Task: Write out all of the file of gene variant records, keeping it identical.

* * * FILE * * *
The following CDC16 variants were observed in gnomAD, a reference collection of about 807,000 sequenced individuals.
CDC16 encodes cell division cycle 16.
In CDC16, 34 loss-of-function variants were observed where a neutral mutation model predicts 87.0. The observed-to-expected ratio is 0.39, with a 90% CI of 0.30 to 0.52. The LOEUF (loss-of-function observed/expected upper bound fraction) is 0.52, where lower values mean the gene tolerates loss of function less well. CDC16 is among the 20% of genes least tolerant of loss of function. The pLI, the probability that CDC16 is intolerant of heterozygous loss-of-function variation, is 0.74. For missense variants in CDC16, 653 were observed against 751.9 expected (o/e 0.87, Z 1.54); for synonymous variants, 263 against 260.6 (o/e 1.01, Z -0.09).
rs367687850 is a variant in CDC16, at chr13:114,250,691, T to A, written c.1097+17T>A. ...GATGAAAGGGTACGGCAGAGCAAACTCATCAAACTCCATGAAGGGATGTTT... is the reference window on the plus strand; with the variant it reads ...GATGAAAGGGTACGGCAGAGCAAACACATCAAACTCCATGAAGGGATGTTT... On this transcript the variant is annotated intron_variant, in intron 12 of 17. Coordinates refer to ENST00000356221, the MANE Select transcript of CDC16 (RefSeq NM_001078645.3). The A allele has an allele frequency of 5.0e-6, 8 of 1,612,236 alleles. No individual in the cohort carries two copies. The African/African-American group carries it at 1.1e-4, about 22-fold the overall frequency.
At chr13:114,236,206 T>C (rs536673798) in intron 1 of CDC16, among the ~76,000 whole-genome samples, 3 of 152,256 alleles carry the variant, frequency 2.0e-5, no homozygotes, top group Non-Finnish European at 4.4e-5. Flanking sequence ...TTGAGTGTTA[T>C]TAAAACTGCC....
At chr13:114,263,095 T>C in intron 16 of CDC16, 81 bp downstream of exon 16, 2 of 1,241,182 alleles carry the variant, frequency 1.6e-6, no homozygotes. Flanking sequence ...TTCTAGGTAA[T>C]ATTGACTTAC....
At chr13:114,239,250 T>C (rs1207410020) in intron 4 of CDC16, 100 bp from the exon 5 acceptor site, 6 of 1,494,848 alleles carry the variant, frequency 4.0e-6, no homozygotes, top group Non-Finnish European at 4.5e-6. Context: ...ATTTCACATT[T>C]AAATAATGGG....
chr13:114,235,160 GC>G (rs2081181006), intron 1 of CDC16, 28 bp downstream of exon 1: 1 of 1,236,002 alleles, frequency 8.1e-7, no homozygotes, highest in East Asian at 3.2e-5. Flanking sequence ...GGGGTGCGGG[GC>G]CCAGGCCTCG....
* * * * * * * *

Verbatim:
The following CDC16 variants were observed in gnomAD, a reference collection of about 807,000 sequenced individuals.
CDC16 encodes cell division cycle 16.
In CDC16, 34 loss-of-function variants were observed where a neutral mutation model predicts 87.0. The observed-to-expected ratio is 0.39, with a 90% CI of 0.30 to 0.52. The LOEUF (loss-of-function observed/expected upper bound fraction) is 0.52, where lower values mean the gene tolerates loss of function less well. CDC16 is among the 20% of genes least tolerant of loss of function. The pLI, the probability that CDC16 is intolerant of heterozygous loss-of-function variation, is 0.74. For missense variants in CDC16, 653 were observed against 751.9 expected (o/e 0.87, Z 1.54); for synonymous variants, 263 against 260.6 (o/e 1.01, Z -0.09).
rs367687850 is a variant in CDC16, at chr13:114,250,691, T to A, written c.1097+17T>A. ...GATGAAAGGGTACGGCAGAGCAAACTCATCAAACTCCATGAAGGGATGTTT... is the reference window on the plus strand; with the variant it reads ...GATGAAAGGGTACGGCAGAGCAAACACATCAAACTCCATGAAGGGATGTTT... On this transcript the variant is annotated intron_variant, in intron 12 of 17. Coordinates refer to ENST00000356221, the MANE Select transcript of CDC16 (RefSeq NM_001078645.3). The A allele has an allele frequency of 5.0e-6, 8 of 1,612,236 alleles. No individual in the cohort carries two copies. The African/African-American group carries it at 1.1e-4, about 22-fold the overall frequency.
At chr13:114,236,206 T>C (rs536673798) in intron 1 of CDC16, among the ~76,000 whole-genome samples, 3 of 152,256 alleles carry the variant, frequency 2.0e-5, no homozygotes, top group Non-Finnish European at 4.4e-5. Flanking sequence ...TTGAGTGTTA[T>C]TAAAACTGCC....
At chr13:114,263,095 T>C in intron 16 of CDC16, 81 bp downstream of exon 16, 2 of 1,241,182 alleles carry the variant, frequency 1.6e-6, no homozygotes. Flanking sequence ...TTCTAGGTAA[T>C]ATTGACTTAC....
At chr13:114,239,250 T>C (rs1207410020) in intron 4 of CDC16, 100 bp from the exon 5 acceptor site, 6 of 1,494,848 alleles carry the variant, frequency 4.0e-6, no homozygotes, top group Non-Finnish European at 4.5e-6. Context: ...ATTTCACATT[T>C]AAATAATGGG....
chr13:114,235,160 GC>G (rs2081181006), intron 1 of CDC16, 28 bp downstream of exon 1: 1 of 1,236,002 alleles, frequency 8.1e-7, no homozygotes, highest in East Asian at 3.2e-5. Flanking sequence ...GGGGTGCGGG[GC>G]CCAGGCCTCG....